What you describe is to calculate the RMSD after superposition. It is not necessary to do a minimization, there is a classic algorithm to get the best superposition directly: Kabsch algorithm. Sometimes, only a subset of coordinates will be superimposed, either because coordinates are missing in one of the structure, or because some parts of the structure show larger differences and interfere with superimposing the similar parts of the structures.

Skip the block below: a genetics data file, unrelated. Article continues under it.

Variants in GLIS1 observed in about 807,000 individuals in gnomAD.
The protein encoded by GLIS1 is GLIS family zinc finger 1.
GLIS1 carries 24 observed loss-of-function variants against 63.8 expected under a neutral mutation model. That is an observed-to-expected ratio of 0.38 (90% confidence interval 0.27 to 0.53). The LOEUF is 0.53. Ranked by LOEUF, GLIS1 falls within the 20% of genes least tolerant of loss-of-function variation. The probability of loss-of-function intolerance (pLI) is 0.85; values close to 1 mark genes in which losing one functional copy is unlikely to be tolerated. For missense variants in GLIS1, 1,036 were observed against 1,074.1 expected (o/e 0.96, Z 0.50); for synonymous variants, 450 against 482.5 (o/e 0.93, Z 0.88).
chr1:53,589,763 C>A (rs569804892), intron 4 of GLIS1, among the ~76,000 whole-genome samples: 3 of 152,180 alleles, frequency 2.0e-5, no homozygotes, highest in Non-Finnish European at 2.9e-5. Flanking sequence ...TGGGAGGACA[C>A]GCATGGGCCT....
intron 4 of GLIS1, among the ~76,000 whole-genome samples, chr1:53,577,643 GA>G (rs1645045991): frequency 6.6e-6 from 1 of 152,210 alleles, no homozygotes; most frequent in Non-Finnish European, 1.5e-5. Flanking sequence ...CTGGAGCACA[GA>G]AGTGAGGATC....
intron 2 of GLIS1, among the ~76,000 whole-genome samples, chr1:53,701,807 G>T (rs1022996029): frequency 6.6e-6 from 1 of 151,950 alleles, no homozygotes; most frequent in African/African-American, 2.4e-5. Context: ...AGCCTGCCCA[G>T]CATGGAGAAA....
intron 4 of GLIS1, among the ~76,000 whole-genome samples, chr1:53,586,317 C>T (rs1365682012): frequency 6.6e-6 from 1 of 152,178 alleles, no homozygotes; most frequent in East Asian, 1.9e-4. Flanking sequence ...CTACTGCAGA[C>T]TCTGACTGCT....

In some cases, where the structures are very different from one another but there are domains of conserved structures, you could also compute differences of pairwise distances and plot them as a distance difference matrix. Distance differences within the conserved domains will be small, while distance differences from domain to domain will be large.
When you do a superposition and RMSD calculation for the first time, it is nice to be able to check the superposition. Many structure viewers have the capability to visualize the superposition while also calculating the RMSD, for example the "compare" command in jmol.